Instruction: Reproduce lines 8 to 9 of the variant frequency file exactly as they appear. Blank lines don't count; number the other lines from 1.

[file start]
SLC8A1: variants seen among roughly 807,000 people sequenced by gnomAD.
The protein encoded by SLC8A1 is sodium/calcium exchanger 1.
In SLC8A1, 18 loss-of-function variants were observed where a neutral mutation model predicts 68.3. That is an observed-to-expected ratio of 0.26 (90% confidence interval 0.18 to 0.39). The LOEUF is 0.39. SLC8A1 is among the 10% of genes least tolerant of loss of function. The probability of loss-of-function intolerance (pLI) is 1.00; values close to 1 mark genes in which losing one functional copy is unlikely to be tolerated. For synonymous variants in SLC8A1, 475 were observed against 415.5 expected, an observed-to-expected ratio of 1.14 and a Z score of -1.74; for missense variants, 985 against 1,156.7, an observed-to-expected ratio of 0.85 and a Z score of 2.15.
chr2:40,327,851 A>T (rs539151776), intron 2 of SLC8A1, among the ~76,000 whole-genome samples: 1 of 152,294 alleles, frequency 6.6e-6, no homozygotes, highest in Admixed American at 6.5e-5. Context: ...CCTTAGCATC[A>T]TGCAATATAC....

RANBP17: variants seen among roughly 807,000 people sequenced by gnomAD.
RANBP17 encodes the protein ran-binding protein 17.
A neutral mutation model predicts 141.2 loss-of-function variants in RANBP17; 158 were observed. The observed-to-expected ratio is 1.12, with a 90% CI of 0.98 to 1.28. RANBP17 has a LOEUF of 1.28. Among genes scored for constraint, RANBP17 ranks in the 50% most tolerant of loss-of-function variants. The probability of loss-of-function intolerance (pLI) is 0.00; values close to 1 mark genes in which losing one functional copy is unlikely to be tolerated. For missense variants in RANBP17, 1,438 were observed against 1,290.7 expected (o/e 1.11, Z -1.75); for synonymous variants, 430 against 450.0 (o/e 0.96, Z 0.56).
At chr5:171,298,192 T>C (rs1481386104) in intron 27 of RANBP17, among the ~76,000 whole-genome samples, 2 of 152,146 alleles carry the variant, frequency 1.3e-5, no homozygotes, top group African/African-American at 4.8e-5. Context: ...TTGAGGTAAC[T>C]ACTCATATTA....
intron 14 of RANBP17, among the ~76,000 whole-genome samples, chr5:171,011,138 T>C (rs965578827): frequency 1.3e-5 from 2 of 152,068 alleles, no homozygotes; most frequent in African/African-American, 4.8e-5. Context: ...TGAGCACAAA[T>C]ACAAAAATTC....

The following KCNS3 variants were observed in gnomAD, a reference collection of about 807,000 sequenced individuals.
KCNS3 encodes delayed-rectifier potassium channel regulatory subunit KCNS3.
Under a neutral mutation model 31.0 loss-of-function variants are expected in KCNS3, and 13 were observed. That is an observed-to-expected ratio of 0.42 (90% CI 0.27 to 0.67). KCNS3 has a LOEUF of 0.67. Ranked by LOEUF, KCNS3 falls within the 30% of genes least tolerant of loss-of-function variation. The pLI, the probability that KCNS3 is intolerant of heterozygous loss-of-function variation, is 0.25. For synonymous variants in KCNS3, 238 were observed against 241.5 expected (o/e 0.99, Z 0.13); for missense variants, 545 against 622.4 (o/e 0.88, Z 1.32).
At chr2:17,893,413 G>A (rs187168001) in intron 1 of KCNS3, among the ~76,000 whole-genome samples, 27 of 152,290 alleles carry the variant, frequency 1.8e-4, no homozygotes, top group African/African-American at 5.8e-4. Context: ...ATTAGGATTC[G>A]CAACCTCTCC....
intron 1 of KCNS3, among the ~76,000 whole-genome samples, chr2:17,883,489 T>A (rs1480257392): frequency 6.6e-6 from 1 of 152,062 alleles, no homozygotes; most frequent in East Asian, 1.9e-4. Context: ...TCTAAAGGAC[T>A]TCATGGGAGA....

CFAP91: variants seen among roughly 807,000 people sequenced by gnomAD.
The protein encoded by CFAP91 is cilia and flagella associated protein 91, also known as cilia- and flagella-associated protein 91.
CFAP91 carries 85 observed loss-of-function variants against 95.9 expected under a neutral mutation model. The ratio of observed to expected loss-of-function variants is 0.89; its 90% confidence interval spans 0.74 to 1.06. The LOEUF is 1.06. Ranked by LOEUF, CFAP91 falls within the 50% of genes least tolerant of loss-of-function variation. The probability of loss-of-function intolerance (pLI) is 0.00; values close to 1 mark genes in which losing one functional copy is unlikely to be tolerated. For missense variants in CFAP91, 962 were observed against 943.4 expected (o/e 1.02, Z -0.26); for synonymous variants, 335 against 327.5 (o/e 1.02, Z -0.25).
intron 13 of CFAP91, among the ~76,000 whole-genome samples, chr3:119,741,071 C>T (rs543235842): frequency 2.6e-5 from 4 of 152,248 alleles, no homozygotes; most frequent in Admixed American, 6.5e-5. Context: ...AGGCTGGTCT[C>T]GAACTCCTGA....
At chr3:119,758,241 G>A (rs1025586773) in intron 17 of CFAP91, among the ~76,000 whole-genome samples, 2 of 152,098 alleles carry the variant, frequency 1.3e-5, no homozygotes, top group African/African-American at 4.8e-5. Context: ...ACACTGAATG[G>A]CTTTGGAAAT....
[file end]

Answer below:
At chr5:171,298,192 T>C (rs1481386104) in intron 27 of RANBP17, among the ~76,000 whole-genome samples, 2 of 152,146 alleles carry the variant, frequency 1.3e-5, no homozygotes, top group African/African-American at 4.8e-5. Context: ...TTGAGGTAAC[T>C]ACTCATATTA....
intron 14 of RANBP17, among the ~76,000 whole-genome samples, chr5:171,011,138 T>C (rs965578827): frequency 1.3e-5 from 2 of 152,068 alleles, no homozygotes; most frequent in African/African-American, 4.8e-5. Context: ...TGAGCACAAA[T>C]ACAAAAATTC....